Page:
administering the oath of office to the officers and board of trustees of the RTCJAM at the associations Christmas Party held at the Diamond
Hotel, Roxas Boulevard, Manila on December 13, 2011. The other officers are Judges Caroline R. Colasito, Vice-President; Rosalyn D. Mislos-
Loja, Secretary; Buenaventura Albert J. Tenorio, Jr., Assistant Secretary; Thelma B. Medina, Treasurer; Ma. Bernardita J. Santos, Assistant
Treasurer; Ma. Theresa Dolores G. Estoesta, P.R.O.; Ruben Reynaldo G. Roxas, Assistant P.R.O.; Roy G. Gironella, Business Manager; Germano
D. Legaspi, Manager; and Amelia Tria-Infante, Auditor. The Board of Trustees composed of Judges Amor A. Reyes, Marino M. Dela Cruz, Jr.,
Reynaldo A. Alhambra, Virgilio V. Macaraeg, and Marcelino L. Sayo, Jr.
Court Administrator and Public Information Office Chief Jose Midas P. Marquez delivers a response from the Judiciary in behalf of Chief Justice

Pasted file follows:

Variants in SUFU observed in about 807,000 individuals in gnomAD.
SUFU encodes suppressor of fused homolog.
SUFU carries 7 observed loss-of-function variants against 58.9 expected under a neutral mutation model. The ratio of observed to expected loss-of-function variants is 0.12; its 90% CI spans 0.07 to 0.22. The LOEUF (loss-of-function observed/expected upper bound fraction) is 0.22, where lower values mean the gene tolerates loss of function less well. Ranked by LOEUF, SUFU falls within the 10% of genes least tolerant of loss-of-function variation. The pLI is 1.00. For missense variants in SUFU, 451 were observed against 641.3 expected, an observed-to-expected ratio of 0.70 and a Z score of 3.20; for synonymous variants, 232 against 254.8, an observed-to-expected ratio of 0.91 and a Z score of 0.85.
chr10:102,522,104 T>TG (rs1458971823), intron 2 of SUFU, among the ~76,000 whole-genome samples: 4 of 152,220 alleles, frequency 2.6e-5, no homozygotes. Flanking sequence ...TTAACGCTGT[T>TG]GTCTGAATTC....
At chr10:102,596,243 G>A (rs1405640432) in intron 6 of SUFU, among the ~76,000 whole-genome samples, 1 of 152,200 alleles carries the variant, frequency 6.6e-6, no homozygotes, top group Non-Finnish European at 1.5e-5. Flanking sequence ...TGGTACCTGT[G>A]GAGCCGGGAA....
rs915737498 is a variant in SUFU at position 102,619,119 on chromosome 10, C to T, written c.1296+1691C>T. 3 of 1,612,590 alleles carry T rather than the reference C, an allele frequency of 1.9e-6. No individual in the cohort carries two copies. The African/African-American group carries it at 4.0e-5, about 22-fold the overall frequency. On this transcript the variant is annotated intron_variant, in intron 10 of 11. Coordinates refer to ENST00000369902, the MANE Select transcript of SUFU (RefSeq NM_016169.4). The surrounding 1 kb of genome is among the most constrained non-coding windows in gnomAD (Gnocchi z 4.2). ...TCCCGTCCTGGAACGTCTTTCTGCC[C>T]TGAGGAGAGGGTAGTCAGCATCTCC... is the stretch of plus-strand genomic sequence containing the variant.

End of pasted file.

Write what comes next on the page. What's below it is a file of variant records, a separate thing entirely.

Renato C. Corona at the commemoration of the International Anti-Corruption Day held at the Garden Ballroom, EDSA Shangri-La Manila, Ortigas
Center, Mandaluyong City on December 9, 2011. During the event, a covenant for a unified and vigorous effort against corruption was signed
by representatives from all branches of government and the private sector. Also in photo are (from left) Concerned Citizens of Abra for Good
Government Chairperson Pura Sumangil, Federation of Filipino-Chinese Chambers of Commerce and Industry, Inc. President Tan Ching, House of
Representatives Speaker Feliciano R. Belmonte, Jr., Ombudsman Conchita Carpio Morales, Executive Secretary Paquito N. Ochoa, Jr., Senate
President Juan Ponce Enrile, and Sandiganbayan Presiding Justice Francisco H. Villaruz, Jr.